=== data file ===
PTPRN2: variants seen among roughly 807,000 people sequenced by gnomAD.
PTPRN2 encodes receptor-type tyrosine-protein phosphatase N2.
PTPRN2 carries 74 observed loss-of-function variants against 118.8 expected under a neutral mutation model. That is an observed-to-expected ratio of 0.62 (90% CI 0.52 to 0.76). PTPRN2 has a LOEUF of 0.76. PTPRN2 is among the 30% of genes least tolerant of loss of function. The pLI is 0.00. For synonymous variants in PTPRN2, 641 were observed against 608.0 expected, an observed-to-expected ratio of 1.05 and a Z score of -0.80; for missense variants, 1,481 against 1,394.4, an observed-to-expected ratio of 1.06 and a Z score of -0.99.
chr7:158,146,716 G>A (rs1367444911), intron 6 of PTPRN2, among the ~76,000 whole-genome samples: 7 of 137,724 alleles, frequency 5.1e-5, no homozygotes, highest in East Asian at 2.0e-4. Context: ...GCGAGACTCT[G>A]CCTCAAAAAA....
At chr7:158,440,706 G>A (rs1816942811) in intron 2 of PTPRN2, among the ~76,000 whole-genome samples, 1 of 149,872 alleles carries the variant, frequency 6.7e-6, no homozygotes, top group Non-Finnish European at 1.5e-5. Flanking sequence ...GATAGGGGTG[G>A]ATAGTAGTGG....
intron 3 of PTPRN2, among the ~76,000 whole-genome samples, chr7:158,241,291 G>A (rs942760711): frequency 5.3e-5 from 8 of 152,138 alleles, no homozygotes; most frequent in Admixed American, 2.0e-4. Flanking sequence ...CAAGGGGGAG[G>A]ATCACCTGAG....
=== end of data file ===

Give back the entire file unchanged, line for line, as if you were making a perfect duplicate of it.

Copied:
PTPRN2: variants seen among roughly 807,000 people sequenced by gnomAD.
PTPRN2 encodes receptor-type tyrosine-protein phosphatase N2.
PTPRN2 carries 74 observed loss-of-function variants against 118.8 expected under a neutral mutation model. That is an observed-to-expected ratio of 0.62 (90% CI 0.52 to 0.76). PTPRN2 has a LOEUF of 0.76. PTPRN2 is among the 30% of genes least tolerant of loss of function. The pLI is 0.00. For synonymous variants in PTPRN2, 641 were observed against 608.0 expected, an observed-to-expected ratio of 1.05 and a Z score of -0.80; for missense variants, 1,481 against 1,394.4, an observed-to-expected ratio of 1.06 and a Z score of -0.99.
chr7:158,146,716 G>A (rs1367444911), intron 6 of PTPRN2, among the ~76,000 whole-genome samples: 7 of 137,724 alleles, frequency 5.1e-5, no homozygotes, highest in East Asian at 2.0e-4. Context: ...GCGAGACTCT[G>A]CCTCAAAAAA....
At chr7:158,440,706 G>A (rs1816942811) in intron 2 of PTPRN2, among the ~76,000 whole-genome samples, 1 of 149,872 alleles carries the variant, frequency 6.7e-6, no homozygotes, top group Non-Finnish European at 1.5e-5. Flanking sequence ...GATAGGGGTG[G>A]ATAGTAGTGG....
intron 3 of PTPRN2, among the ~76,000 whole-genome samples, chr7:158,241,291 G>A (rs942760711): frequency 5.3e-5 from 8 of 152,138 alleles, no homozygotes; most frequent in Admixed American, 2.0e-4. Flanking sequence ...CAAGGGGGAG[G>A]ATCACCTGAG....